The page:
November is National Adoption Month, and that means something very special in my family. My beautiful, creative, talented, funny, and compassionate daughter is adopted. Her birthday is, of course, a day we celebrate, but November 21st is a day that is equally near and dear to our hearts. That is what we have always called “Family Day”. That is the day God saw fit to allow her dad and I to be her parents. That is the day our little family was formed.
Divorce has not stopped us from celebrating Family Day. We have kept that as a time to remind her that the two of us will always be here for her. Family Day celebrations have been spent in a variety of ways over the years: putt-putt golf and lunch; theme park for the day; sushi dinner after work/school; visit to museums, and everything in between. Regardless of the activity, there is always lots of laughter and she enjoys the time spent with both of us. She especially likes to hear our stories from the day we brought her home. Our daughter looks forward to Family Day, and so do we. In the early years I was typically the one who set the plans. Now, she actively takes part in determining how we celebrate!
It was never a thought of mine that I would not be able to have children. When the realization of that hit, it was hard to accept. As a woman I thought it was a given that I would be able to bear children. Apparently, that’s one of the many things we can take for granted in life.
Once the decision to adopt was made, we started preparing for our child. There were so many decisions to make: which agency to use; do we want a boy; do we want a girl; do we have to have a newborn or can the baby be a little older; and of course, what should we name him/her. So much of this compares to the traditional process when expecting the birth of a child: which doctor/hospital to use; will the baby be a boy or a girl; what should the baby be named.
And then there is the part that compares to nothing that takes place in the traditional process: home studies/visits by the agency; interviews of your friends/family; review of your finances; will it be an open or closed adoption (to know or not know the biological mother/father). All of this made the process feel cold and impersonal. Yet I would do it all over again without question!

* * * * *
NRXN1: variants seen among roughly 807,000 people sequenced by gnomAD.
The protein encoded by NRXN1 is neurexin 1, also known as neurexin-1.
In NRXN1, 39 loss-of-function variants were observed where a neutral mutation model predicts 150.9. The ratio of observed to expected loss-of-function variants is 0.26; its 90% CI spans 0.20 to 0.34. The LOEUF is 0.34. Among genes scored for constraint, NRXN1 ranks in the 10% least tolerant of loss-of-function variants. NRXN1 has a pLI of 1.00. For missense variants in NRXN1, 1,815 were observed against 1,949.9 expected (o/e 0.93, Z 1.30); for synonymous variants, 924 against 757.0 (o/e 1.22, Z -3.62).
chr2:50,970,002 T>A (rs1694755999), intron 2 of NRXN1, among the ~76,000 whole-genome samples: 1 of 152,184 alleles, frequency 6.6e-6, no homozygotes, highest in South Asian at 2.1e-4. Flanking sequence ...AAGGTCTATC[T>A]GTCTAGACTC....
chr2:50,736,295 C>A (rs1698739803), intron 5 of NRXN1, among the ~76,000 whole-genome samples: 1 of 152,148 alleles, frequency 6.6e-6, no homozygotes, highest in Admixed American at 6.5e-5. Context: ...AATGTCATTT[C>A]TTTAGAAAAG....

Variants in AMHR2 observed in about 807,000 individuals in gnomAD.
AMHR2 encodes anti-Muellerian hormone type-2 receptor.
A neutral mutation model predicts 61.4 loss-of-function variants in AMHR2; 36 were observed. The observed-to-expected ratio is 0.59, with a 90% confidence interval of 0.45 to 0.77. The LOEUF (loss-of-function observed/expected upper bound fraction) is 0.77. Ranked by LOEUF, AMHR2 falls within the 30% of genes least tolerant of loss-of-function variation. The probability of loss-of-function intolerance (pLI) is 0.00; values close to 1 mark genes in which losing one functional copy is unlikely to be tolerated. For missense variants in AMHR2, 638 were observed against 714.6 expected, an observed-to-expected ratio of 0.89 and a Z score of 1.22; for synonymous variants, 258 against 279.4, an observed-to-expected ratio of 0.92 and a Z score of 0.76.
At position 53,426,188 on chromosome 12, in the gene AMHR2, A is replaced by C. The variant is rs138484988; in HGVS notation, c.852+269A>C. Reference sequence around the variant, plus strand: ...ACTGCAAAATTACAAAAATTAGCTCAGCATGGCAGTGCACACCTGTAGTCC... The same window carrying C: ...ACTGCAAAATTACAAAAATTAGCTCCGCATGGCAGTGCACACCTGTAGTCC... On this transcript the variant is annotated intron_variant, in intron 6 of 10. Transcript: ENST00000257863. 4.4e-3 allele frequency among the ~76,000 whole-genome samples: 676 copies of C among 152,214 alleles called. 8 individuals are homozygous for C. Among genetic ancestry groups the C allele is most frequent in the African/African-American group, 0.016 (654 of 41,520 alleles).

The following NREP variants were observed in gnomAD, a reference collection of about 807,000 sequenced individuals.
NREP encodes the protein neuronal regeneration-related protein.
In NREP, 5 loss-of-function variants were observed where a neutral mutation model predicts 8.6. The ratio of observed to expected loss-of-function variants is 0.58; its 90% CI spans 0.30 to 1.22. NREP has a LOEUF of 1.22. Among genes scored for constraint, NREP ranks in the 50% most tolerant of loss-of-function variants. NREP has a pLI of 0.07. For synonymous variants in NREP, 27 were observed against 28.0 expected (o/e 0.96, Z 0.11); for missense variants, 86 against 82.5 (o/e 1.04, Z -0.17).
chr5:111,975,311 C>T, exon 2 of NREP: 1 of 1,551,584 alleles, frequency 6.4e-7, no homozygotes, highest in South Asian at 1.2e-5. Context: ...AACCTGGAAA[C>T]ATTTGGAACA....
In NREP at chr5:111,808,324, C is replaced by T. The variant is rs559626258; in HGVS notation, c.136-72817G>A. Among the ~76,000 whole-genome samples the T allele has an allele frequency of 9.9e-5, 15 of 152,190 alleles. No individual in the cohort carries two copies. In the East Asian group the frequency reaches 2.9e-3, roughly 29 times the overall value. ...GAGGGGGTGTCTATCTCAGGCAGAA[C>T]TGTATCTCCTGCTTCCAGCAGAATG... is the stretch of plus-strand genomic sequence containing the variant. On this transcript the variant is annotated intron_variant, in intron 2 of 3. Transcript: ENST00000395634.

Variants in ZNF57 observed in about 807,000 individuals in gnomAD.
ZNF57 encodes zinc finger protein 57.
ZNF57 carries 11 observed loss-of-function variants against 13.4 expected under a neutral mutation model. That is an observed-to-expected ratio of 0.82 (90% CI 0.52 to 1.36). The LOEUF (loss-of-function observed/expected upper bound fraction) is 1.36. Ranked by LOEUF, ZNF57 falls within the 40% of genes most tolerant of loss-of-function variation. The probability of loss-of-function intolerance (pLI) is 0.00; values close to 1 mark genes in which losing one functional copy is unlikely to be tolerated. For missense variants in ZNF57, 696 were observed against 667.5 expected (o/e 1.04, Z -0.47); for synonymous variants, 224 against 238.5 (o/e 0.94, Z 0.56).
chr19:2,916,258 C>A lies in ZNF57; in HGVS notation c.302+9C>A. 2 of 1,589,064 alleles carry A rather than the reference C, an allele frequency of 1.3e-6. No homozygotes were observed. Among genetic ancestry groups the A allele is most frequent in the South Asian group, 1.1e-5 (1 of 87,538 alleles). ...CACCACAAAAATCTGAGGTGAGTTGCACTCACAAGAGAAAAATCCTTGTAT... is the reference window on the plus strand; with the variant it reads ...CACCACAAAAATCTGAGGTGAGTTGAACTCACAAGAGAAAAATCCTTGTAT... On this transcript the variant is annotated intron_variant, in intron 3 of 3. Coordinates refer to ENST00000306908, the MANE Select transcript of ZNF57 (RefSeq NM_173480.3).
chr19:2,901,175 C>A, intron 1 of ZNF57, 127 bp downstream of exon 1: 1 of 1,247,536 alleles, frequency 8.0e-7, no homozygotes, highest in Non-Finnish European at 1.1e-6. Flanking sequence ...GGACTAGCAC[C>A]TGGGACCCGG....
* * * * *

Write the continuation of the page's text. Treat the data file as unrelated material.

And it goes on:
Although I did not carry my daughter in my womb for 9 months we certainly experienced some painful stretching of our own. There were some sleepless nights and frustration in the adoption process. The agency we started with did not seem to have our best interest as their focus. It wasn’t until we reached the third case worker assigned to us that things began to happen!
And then came November 21, 1997. I will never forget that day or the details of it. I will remember the day with joy, just as a mother who birthed a child remembers the day her child was born.
I grew as a person and as a woman through the beautiful experience called adoption. I realized that:
All I wanted was to be a mother. In the end, it didn’t matter how that came to be. I have loved my daughter, nurtured her, been proud of her, been frustrated with her, praised her, and raised her just as if she came from my womb. When her heart hurts, mine does too. She is my daughter and I am her mother…forever.
Family is what’s in your heart, not what’s in your blood. When our hearts are pure and full of love, it’s easy to pour that love into any child, whether biological or not.
God’s plan for our lives is so much greater than what we can imagine. She was meant to be our child. Over the years it has been amazing to see so much of us in her. Granted, some of the similarities may be because she was nurtured by us. However, there are some aspects of our daughter, the core of who she is, that typically could only have come through nature/DNA, yet they are like her dad, me, and other members of our families. God does all things well!
If you are wondering if adoption could be right for you and your family I would highly recommend exploring it as an option. My life’s story was not going to be complete without her, nor was hers to be complete without us. I thank God for our story that began on November 21, 1997.